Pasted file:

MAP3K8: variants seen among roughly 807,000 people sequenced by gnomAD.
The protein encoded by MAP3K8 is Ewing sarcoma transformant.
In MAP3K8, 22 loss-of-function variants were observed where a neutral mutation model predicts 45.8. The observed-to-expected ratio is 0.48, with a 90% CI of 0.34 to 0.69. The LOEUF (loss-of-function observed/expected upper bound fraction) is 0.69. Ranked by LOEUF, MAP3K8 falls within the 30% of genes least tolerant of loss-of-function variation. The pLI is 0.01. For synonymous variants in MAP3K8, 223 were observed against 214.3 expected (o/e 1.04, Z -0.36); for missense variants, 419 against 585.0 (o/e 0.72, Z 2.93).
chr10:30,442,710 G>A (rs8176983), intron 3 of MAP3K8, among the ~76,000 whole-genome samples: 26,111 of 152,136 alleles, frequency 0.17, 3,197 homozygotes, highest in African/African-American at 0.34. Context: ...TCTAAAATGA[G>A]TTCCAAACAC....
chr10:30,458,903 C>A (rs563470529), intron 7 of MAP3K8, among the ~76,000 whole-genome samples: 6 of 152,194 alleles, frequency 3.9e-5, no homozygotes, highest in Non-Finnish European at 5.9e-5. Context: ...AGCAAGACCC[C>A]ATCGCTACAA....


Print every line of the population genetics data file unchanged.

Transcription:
MAP3K8: variants seen among roughly 807,000 people sequenced by gnomAD.
The protein encoded by MAP3K8 is Ewing sarcoma transformant.
In MAP3K8, 22 loss-of-function variants were observed where a neutral mutation model predicts 45.8. The observed-to-expected ratio is 0.48, with a 90% CI of 0.34 to 0.69. The LOEUF (loss-of-function observed/expected upper bound fraction) is 0.69. Ranked by LOEUF, MAP3K8 falls within the 30% of genes least tolerant of loss-of-function variation. The pLI is 0.01. For synonymous variants in MAP3K8, 223 were observed against 214.3 expected (o/e 1.04, Z -0.36); for missense variants, 419 against 585.0 (o/e 0.72, Z 2.93).
chr10:30,442,710 G>A (rs8176983), intron 3 of MAP3K8, among the ~76,000 whole-genome samples: 26,111 of 152,136 alleles, frequency 0.17, 3,197 homozygotes, highest in African/African-American at 0.34. Context: ...TCTAAAATGA[G>A]TTCCAAACAC....
chr10:30,458,903 C>A (rs563470529), intron 7 of MAP3K8, among the ~76,000 whole-genome samples: 6 of 152,194 alleles, frequency 3.9e-5, no homozygotes, highest in Non-Finnish European at 5.9e-5. Context: ...AGCAAGACCC[C>A]ATCGCTACAA....